Victory at Sea

Victory at Sea: Scouting and Naval Intelligence

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We’re taking a look at some of the new mechanics in Victory at Sea – this time we’re looking at scouting and reconnaissance!

When the enemy is known to be in the area, fleets will expend a great deal of effort in reconnaissance. If one fleet can out-scout the other, it stands to gain a great advantage before the battle even begins. Scouting missions were undertaken by flying pickets of destroyers, specially-outfitted light cruisers and squadrons of aircraft.

Naval Reconnaissance in Action

In the aftermath of the Battle of the Denmark Strait, Rear-Admiral Frederic Wake-Walker used reconnaissance to great effect in the hunt for the escaped battleship Bismarck. His squadron consisted of six battleships or battlecruisers, two aircraft carriers, thirteen cruisers and twenty-one destroyers. Pickets of cruisers and destroyers shadowed the enemy battleship’s movements, with the help of sea-planes and carrier-based aircraft.

The Bismarck is bracketed by incoming fire!

Scouting in Victory at Sea

Both players should secretly remove all destroyers and cruisers they intend to use for scouting from their fleet before deployment and put them to one side. In addition, they should assign which Observation Flights will be used for scouting as well. These ships and aircraft committed to scouting are not deployed with the rest of the fleet. Instead, the ships may return from scouting at some point during the battle.

In every End Phase, both players roll one D6 for every destroyer and cruiser they have committed to scouting. On the roll of a 6, that ship has returned to the fleet and may join the battle. It will move on from any point along a random edge in the next turn’s Movement Phase.

Before the first turn of the game, both players reveal the ships and aircraft that have been used for scouting. For every ship and aircraft listed below used for scouting, the player will roll one D6.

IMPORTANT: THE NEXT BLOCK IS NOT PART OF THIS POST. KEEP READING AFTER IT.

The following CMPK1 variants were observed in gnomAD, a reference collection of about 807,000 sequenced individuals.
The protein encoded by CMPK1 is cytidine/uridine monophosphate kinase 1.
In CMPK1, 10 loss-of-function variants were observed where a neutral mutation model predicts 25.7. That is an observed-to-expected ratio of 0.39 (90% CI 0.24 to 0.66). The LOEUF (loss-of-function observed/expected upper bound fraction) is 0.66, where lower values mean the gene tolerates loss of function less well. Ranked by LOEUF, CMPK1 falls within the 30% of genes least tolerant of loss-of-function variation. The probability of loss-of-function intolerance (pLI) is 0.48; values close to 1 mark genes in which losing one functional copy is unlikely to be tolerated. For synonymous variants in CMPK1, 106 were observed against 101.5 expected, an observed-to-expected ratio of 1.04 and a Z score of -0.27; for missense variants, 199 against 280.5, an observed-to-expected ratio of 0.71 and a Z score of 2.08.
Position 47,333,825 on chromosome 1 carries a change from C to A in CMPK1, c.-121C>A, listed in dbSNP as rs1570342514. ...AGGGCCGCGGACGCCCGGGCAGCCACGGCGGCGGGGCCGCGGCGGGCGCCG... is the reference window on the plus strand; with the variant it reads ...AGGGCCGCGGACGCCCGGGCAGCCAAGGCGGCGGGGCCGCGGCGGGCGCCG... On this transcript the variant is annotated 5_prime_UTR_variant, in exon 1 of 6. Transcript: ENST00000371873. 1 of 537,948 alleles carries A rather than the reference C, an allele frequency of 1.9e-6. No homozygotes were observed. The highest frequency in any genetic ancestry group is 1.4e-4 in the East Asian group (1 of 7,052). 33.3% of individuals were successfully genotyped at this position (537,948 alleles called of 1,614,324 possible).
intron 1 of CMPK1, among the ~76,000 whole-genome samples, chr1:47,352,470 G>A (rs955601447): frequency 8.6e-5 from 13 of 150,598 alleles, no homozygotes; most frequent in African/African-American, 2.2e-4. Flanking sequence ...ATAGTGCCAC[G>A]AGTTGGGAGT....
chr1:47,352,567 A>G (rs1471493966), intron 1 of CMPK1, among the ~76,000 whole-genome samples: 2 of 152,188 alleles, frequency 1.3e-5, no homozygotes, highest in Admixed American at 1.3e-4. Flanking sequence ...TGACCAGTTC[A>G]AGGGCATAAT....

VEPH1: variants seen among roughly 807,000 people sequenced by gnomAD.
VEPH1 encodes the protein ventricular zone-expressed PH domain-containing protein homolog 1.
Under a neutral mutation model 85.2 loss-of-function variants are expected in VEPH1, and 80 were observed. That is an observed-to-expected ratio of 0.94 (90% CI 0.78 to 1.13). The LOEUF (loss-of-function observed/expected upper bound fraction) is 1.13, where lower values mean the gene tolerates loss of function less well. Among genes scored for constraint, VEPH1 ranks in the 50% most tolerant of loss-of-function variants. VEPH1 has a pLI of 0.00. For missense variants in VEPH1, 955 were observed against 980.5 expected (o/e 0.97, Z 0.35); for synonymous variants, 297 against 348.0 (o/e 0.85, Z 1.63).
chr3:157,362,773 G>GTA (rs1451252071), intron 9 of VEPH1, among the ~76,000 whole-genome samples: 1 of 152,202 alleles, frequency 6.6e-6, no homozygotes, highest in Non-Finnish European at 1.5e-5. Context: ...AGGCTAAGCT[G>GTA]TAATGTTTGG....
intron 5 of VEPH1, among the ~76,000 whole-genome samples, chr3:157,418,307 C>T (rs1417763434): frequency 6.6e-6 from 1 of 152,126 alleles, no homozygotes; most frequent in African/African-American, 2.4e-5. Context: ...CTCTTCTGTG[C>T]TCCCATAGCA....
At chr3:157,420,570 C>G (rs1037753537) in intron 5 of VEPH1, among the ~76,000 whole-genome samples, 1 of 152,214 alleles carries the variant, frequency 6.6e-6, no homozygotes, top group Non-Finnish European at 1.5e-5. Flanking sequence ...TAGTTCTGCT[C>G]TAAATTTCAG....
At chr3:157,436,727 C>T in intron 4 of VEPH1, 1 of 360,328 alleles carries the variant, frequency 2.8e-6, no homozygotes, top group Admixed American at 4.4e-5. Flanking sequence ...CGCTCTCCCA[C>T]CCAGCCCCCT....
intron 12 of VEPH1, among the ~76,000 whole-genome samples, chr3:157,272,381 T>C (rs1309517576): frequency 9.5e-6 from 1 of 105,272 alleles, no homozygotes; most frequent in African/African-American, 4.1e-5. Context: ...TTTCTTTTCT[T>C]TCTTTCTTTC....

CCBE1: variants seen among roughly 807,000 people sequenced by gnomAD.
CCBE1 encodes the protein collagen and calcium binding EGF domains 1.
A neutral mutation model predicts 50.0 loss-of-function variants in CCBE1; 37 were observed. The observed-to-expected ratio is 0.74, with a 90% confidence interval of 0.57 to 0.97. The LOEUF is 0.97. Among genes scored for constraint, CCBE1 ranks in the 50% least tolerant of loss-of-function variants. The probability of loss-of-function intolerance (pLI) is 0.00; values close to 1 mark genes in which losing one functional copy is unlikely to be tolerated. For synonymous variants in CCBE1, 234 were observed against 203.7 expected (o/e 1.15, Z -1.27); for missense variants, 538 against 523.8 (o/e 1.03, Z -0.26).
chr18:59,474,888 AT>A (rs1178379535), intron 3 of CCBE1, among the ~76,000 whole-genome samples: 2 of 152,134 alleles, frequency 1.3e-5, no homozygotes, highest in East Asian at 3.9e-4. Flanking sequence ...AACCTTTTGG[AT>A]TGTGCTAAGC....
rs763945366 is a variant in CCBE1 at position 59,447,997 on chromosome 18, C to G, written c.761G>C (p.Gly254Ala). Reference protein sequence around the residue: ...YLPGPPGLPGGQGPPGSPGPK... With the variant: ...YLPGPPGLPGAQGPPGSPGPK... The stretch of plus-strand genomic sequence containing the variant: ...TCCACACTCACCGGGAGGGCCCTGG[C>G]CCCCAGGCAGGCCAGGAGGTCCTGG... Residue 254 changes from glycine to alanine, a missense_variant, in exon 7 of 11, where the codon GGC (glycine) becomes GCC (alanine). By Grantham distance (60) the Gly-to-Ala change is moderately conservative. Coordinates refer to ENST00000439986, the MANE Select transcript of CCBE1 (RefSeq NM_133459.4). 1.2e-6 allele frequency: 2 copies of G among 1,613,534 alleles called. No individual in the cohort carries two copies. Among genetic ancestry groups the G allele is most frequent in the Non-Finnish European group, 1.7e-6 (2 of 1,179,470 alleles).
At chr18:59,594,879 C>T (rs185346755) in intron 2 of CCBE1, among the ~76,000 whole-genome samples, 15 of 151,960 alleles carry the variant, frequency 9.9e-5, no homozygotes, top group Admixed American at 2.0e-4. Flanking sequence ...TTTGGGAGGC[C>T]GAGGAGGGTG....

• Every Destroyer
  • Every Cruiser
  • Every Observation Flight

Every dice that rolls a 5 or 6 will earn the player’s fleet one Scouting Point. When all dice have been rolled, each player should total their Scout Points and compare them to the Scouting Table.

Scouting Points: Fleet Advantage:
2 or more Add 1 to your roll for Initiative each turn for the entire battle.
4 or more As above, and any carriers may be placed in deep deployment
7 or more As above and may immediately re-deploy any number of ships (including any scouts) in enhanced deployment zones, while carriers may start with half of their Flights in the air.
8 or more As above, and add a further 1 (for a total of 2) to your roll for Initiative each turn for the entire battle.
10 or more As above and may immediately re-deploy any number of ships (including any scouts) in superior deployment zones, while carriers may start with all of their Flights in the air.

Battle for the Pacific

This gameplay overview only skims the surface of what Victory at Sea has to offer. The Battle of the Pacific rules manual contained with the starter set delves deeper into each of the mechanics, while also providing rules for carriers, aircraft, vessel traits and much more. The game is now available for Pre-order and we’ve got some fantastic Pre-order bundles that net you exclusive free models that will not be available post-game release.

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Tom Mecredy
Tom spends most of his time buying books and painting miniatures. He enjoys putting animals on the bases of his miniatures and half-finishing side projects. Some say that he lives in a tower on top of some windswept northern hill with his wife and cow-patterned cat, Spaghetti.